Ukraine accuses Russia of sabotaging Europe's gas

Gazprom said on Sunday it was honouring in full its commitments to supply customers in Europe, Russian media reported.

Ukraine accuses Russia of sabotaging Europe's gas

Ukraine accused Russia on Sunday of deliberately reducing gas flows to customers in Europe as they face freezing winter temperatures.

Poland, Hungary, Romania, Bulgaria and Turkey have reported drops in supplies after Russian state-controlled gas export monopoly Gazprom cut off Ukraine on New Year's Day in a dispute over prices.

Russia has accused Kiev of causing the disruptions by stealing volumes flowing across its territory, but Ukraine hit back by alleging Moscow was cutting flows by more than half through a key export pipeline.

"Naftogaz considers the actions of Gazprom as threatening the energy security of Ukraine and Europe, which could bring unpredictable consequences for the entire gas transit system of Europe," Ukraine's state energy company said in a statement.

"Naftogaz demands that Gazprom immediately renews the balanced supplies of gas to all transit pipelines supplying Russian gas to European consumers."

Gazprom said on Sunday it was honouring in full its commitments to supply customers in Europe, Russian media reported.

Gas flows to Germany, Europe's biggest economy, were unaffected and countries elsewhere said they had sufficient fuel stockpiled to make up for shortfalls of Russian gas for several days -- though not for weeks.

Turkey notes supply drop

Turkey became the latest country to say it was feeling the impact. A senior energy ministry official said volumes from Russia via Ukraine had fallen 5 percent, though this had not posed any problems.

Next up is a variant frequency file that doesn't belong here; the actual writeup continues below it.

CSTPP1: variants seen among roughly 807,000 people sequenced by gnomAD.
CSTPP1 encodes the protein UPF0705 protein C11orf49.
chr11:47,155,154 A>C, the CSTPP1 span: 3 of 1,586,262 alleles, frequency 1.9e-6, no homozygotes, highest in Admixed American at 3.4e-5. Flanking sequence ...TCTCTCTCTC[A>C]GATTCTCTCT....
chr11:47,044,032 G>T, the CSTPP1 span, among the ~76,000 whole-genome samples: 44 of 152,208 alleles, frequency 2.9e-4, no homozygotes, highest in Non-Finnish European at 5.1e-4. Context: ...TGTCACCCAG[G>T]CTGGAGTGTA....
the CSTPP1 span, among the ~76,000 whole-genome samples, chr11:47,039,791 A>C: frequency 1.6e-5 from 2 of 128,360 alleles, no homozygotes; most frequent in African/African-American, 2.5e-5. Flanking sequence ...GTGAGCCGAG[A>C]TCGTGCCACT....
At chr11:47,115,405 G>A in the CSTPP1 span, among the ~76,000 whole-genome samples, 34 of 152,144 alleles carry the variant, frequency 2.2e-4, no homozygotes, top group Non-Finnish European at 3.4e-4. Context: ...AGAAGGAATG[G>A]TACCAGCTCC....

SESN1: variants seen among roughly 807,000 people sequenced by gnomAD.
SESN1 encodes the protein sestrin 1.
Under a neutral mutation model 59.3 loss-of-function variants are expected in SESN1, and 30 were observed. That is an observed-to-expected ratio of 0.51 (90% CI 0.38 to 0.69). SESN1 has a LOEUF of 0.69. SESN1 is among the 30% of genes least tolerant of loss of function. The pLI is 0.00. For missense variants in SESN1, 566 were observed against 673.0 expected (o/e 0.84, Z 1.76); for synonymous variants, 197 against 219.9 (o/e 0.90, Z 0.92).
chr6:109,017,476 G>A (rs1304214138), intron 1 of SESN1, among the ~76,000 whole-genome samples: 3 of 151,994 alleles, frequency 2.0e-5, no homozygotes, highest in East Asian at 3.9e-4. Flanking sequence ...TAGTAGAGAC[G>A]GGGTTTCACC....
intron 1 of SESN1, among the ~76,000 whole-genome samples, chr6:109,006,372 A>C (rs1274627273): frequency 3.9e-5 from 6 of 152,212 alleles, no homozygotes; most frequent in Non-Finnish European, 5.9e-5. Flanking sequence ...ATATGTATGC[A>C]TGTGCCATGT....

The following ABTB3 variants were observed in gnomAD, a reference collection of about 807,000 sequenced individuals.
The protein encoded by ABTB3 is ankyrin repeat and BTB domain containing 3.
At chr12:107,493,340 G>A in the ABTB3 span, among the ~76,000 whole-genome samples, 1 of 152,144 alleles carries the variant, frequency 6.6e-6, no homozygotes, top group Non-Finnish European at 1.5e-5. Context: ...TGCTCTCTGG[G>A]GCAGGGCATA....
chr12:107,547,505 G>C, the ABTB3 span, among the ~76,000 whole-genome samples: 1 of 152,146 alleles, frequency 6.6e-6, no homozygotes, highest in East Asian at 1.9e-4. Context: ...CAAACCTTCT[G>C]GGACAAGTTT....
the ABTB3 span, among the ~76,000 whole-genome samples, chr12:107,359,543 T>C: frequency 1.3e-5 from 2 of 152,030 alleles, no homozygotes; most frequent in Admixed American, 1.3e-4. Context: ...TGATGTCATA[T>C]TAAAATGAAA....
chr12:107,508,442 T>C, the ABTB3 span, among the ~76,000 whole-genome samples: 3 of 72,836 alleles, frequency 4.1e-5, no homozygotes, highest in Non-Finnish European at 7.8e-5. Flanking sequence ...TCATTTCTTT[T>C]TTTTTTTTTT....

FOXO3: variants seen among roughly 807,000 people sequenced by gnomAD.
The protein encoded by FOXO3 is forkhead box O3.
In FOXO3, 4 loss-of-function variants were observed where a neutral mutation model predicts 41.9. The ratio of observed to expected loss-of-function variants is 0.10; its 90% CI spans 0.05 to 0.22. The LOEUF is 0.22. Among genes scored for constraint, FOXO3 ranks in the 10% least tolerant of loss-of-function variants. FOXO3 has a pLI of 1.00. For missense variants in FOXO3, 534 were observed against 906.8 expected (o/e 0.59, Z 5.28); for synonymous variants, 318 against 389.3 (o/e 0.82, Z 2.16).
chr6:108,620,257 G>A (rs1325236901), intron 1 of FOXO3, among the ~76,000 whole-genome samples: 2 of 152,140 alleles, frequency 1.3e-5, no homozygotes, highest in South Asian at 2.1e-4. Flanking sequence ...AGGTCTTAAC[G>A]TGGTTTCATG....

The European Union, which gets about a fifth of its gas from pipelines that cross Ukraine, has demanded that transit and supply contracts be honoured. EU president the Czech Republic said it would not get involved directly in the row.

The EU has called an emergency meeting of envoys for Monday to discuss the dispute, which has again placed Russia's reputation as a reliable gas supplier under intense scrutiny.

Russia's ties with the West are still fraught after it waged a war with Georgia last August, and the gas row is likely to be viewed in some capitals as fresh evidence that Russia bullies its pro-Western neighbours.

Russia and Ukraine's gas companies traded allegations throughout Saturday, indicating the prospect of a swift resolution to the dispute -- over gas debts and pricing for supplies in 2009 -- could be remote.

With no negotiations in sight, both sides said they would bring cases against the other in the arbitration court in Stockholm.

A similar gas row briefly disrupted supplies to Europe three years ago. That crisis prompted calls for the EU to diversify its energy supplies, but it has struggled to break its reliance on Russian gas. Gazprom forecasts EU dependence will grow.

Leaders silent

Gazprom said on Saturday it was increasing supplies through alternative routes, bypassing Ukraine, but those pipelines do not have the capacity to fully replace Ukrainian routes.

Ukraine, already reeling from an economic crisis, is anxious not to be blamed by the EU for the supply disruptions in case that hurts its long-term ambition of joining the bloc.

Political leaders of Russia and Ukraine, most of them on holiday, have been silent on the issue.

Gazprom, which says the row is purely about business with no political motives, said Kiev was playing political games and was not ready to resume talks.

Naftogaz chief Oleh Dubyna said his officials were ready to go to Moscow at any moment to sign a mutually acceptable deal. But for now at least no such deal is on the table.

Russia said it was prepared to charge Ukraine $250 per 1,000 cubic metres this year before talks collapsed and now wants Kiev to pay $418. Kiev said its highest offer was $235, and it wanted Russia to pay higher transit fees.

European Union customers pay about $500 per 1,000 cubic metres of Russian gas, though that price is set to drop in line with crude oil, which tumbled in 2008. Gas prices traditionally follow oil prices with a time lag of about six months.

Reuters

Last Mod: 04 Ocak 2009, 18:46
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